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RSS Reader - Felix John COLIBRI.

  • abstract : Download and View the content of an .RSS feed (the entry point into somebody's blog)
  • key words : .RSS - Blog - HTTP Client - HTTP downloader - XML parser - tTreeView
  • software used : Windows XP, Delphi 6
  • hardware used : Pentium 2.800Mhz, 512 M memory, 140 G hard disc
  • scope : Delphi 1 to 2006, Turbo Delphi for Windows, Kylix
  • level : Delphi developer
  • plan :

1 - Introduction

We started our own Delphi blog a week ago (october 30th 2006). To write our blog, we had to learn about the structure, formats and rules about blogging. The best way to learn this new business was to look at other people's blogs. We already knew that blogging was associated with "RSS" but did not grasp the concept. So we looked at a couple of web tutorials, and then at the .RSS specification. The result of the whole effort was an .RSS analyzer, which quickly was put in bed with an .HTTP downloader, and we present here the complete project.

Before we start:

  • this is not a full blown "blog reader". We only display the raw content of the .RSS file
  • this is not a "blog aggregator": we do not manage the downloaded items, and do not save them by topic, date etc.
  • for our daily blog reading, we look at the excellent Delphi Feeds site which presents in real time the new blog items from a selected 50 Delphi blog sites

2 - Basic blog architecture

2.1 - quick history

A blog is a collection of .HTML files downloadable from the Web. An Internet diary.

Here is a graphical representation of the blog architecture:

  • we first place the blog pages in our Seb Server directory (5 pages in our case):


  • To standardize the access to the blog pages, Netscape invented a special directory file, containing the title, URL, publication date and description of each page. This file structure was named an .RSS file. By reading the .RSS file of some bloggers, you may
    • know what was recently published
    • at which time
    • use the URL to download the content of the blog page
    In short, an .RSS file is is some kind of abstract, or directory, of the most recent blog pages.

    This .RSS file is stored along with the blog pages:


  • When someone wants to know about the content of your blog, or check whether some new page was added, the .RSS is downloaded and examined. And, if some description looks interesting, the page URL in this RSS is used to download the blog page:


  • Even more interesting
    • since this format is reasonably standard, it is possible to use an automated tool which periodically (on a daily basis, or, like DelphiFeeds, on an hourly basis) checks the content of the .RSS file.
    • and the .RSS can be added to some directory engine, similar to DMOZ or other Web directories. Those directories can be querried by users with some search engine. Examples of such directories are NewsIsFree or Syndic8. In addition, the traditional search engines (Google, Yahoo etc) also parse the .RSS file, and hopefully add the URLs and all links in the blog pages to the database. We even found out that Google, Inktomi and MSN downloaded our .RSS file two days after it was created !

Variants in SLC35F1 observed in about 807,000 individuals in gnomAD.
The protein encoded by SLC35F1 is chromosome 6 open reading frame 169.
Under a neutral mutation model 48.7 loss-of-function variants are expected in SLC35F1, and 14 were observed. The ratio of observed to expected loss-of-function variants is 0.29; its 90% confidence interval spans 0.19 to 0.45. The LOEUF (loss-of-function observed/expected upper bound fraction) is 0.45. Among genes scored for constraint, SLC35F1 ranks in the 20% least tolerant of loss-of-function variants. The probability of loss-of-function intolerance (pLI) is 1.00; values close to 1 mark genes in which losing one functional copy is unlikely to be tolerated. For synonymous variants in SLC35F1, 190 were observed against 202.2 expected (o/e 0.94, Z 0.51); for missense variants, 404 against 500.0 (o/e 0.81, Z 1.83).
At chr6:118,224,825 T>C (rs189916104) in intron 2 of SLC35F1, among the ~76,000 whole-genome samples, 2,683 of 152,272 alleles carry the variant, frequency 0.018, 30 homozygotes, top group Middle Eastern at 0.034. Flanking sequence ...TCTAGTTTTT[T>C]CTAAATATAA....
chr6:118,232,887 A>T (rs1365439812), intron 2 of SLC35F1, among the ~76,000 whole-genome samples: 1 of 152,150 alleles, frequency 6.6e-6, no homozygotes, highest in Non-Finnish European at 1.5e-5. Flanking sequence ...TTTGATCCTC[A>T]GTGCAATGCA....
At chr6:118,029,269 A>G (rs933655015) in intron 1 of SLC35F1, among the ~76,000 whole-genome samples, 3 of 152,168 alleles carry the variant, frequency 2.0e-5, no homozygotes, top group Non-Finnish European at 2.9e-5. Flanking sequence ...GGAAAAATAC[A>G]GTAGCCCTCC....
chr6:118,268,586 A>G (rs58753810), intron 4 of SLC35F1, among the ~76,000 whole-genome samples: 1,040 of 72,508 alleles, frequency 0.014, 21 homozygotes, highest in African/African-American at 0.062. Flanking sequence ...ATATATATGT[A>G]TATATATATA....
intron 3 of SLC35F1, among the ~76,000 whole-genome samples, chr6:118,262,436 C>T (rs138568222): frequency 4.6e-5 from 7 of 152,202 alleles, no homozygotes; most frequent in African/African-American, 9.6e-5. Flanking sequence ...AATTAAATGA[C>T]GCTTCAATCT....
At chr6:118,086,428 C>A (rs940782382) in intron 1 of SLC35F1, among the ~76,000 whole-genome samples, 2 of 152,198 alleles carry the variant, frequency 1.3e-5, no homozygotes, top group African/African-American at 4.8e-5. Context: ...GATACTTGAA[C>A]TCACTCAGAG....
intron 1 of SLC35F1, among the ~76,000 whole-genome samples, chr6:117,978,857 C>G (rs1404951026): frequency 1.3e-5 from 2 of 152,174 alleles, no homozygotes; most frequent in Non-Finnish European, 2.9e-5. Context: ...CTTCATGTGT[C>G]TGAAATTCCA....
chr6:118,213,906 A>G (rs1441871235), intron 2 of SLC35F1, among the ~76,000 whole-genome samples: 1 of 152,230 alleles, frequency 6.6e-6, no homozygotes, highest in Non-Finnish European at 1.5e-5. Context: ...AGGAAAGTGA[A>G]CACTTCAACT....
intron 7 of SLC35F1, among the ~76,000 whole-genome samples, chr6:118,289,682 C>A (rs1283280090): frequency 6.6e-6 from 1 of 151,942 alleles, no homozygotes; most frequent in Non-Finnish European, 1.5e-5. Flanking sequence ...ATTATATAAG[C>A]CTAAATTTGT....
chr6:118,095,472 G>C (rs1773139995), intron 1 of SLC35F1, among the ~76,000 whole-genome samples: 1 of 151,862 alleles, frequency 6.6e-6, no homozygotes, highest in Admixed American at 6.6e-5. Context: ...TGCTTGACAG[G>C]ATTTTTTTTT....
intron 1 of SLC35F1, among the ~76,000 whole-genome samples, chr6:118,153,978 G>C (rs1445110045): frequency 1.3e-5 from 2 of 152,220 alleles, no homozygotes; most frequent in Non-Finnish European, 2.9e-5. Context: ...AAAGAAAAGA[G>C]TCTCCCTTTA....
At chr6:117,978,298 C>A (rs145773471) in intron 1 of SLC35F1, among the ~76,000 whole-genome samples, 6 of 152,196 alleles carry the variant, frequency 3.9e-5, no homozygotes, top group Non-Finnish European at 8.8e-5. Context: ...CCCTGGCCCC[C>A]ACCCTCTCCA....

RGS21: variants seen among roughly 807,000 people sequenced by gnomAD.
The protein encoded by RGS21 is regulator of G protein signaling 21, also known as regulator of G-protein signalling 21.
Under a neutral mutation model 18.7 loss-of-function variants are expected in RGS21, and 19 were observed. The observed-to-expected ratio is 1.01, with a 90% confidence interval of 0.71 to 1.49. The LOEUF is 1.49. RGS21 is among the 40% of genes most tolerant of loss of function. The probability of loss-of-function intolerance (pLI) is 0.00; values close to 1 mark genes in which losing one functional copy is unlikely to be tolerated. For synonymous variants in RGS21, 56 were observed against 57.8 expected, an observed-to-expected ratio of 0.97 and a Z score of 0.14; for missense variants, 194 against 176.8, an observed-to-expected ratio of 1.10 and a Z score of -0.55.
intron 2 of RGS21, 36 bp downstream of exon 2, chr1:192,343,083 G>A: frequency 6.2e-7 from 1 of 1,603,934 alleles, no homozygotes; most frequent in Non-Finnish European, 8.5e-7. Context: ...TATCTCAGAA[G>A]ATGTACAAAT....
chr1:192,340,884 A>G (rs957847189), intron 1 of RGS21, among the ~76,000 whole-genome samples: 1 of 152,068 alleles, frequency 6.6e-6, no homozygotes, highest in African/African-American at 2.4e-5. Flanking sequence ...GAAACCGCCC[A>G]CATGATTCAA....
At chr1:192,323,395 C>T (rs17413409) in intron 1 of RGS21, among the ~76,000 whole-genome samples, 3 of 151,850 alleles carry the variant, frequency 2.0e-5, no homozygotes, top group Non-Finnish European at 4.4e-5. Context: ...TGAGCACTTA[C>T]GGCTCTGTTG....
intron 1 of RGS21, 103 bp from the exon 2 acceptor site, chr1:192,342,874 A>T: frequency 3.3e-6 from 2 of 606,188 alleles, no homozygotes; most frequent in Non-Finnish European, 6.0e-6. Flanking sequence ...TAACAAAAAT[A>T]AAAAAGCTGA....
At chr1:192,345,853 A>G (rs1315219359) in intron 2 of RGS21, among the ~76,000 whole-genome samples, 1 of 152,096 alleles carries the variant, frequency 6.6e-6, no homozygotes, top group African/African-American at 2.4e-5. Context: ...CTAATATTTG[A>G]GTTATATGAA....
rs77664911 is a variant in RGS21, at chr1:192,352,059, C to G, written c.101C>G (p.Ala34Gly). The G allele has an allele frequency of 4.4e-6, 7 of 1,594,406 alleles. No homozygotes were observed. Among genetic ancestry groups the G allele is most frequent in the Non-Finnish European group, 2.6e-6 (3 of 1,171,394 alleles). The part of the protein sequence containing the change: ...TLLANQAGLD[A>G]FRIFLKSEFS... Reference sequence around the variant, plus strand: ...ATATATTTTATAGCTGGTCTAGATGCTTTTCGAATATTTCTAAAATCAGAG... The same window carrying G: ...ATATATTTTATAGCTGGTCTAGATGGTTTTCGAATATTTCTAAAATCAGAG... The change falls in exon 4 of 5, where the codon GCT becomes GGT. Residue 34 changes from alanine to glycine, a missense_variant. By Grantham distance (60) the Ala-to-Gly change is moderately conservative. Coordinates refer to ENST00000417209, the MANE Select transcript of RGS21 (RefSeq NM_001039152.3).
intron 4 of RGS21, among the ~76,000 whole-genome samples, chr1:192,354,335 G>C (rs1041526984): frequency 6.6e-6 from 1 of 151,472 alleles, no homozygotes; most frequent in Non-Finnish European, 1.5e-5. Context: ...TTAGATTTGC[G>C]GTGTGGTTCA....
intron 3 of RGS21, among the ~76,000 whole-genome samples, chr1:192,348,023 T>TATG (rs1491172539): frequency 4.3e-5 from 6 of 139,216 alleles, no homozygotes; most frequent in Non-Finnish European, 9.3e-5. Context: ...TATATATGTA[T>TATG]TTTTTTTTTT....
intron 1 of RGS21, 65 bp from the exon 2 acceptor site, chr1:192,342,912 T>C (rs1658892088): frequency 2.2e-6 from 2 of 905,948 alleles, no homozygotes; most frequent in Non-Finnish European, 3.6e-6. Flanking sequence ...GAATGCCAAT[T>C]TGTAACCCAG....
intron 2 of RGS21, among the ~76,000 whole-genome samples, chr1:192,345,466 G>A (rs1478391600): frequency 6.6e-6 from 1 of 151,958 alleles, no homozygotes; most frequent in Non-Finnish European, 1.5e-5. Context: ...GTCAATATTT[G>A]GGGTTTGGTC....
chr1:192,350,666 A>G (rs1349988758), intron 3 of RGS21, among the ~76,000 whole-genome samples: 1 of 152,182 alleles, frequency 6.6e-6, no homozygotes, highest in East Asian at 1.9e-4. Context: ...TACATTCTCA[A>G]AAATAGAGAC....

This is the sketch of this indirect downloading:


2.2 - The .RSS specification

This .RSS structure was quickly considered inadequate, and many new versions of the same thing were proposed.

You will easily find lots of pages on the Web telling you the complete story. We will stick to the 2.0 version, which seems to be the most popular.

The specification can be found at the RSS Advisory Board site. However this is a narrative document, not a compiler-like specification.

To explain the structure of an .RSS file, the easiest way is to display a short example.

  • on our site,, we have (among all other) 3 pages:
  • a simple .RSS file for those three items would be:

    <?xml version="1.0" encoding="ISO-8859-1"?>
    <rss version="2.0">
        <title>Felix Colibri's Delphi Blog</title>
        <description>Delphi source code, training, development, consulting</description>
          <title>Turbo Delphi Interbase tutorial</title>
          <description>develop database applications with Turbo Delphi and Interbase. Complete ADO Net architecture, and full projects to create the database, the Tables, fill the rows, display and update the values with DataGrids. Uses the BDP</description>
          <title>Delphi 2006 for .NET training classes</title>
          <description>dedicated to Windows Forms and Web Form classes (not Win32 nor VCL.NET), with special emphasis on ADO.NET database management, and the development of ASP.NET applications</description>
          <title>Abstract Factory and Bridge Design Patterns</title>
          <description>Delphi version of the Abstract Factory and Bridge patterns, as used in our Lexi Document Editor. Presentation of the patterns, with UML diagrams and full downloadable source code.</description>

It is easy to see that the .RSS is a simple .XML file, with 2 kind of elements
  • a single element with the blog site attributes (site URL, title, copyright etc)
  • for each blog page, an individual element with the page attributes (page URL, title, description, publication date)
Our presentation is not complete: .RSS files have many more attributes, like publication date, copyright, language and so on. You might have a look at the full blown RSS specification for more details.

But most of the .RSS that we analyzed respected the following BNF-like grammar:

rss_filexml_version rss .
  rssRSS channel E_RSS .
    channelCHANNEL header { item } E_CHANNEL .
      titleTITLE 'titleE_TITLE .
      linkLINK 'linkE_LINK .
      descritpionDESCRIPTION 'descriptionE_DESCRIPTION .
      headertitle link descripion .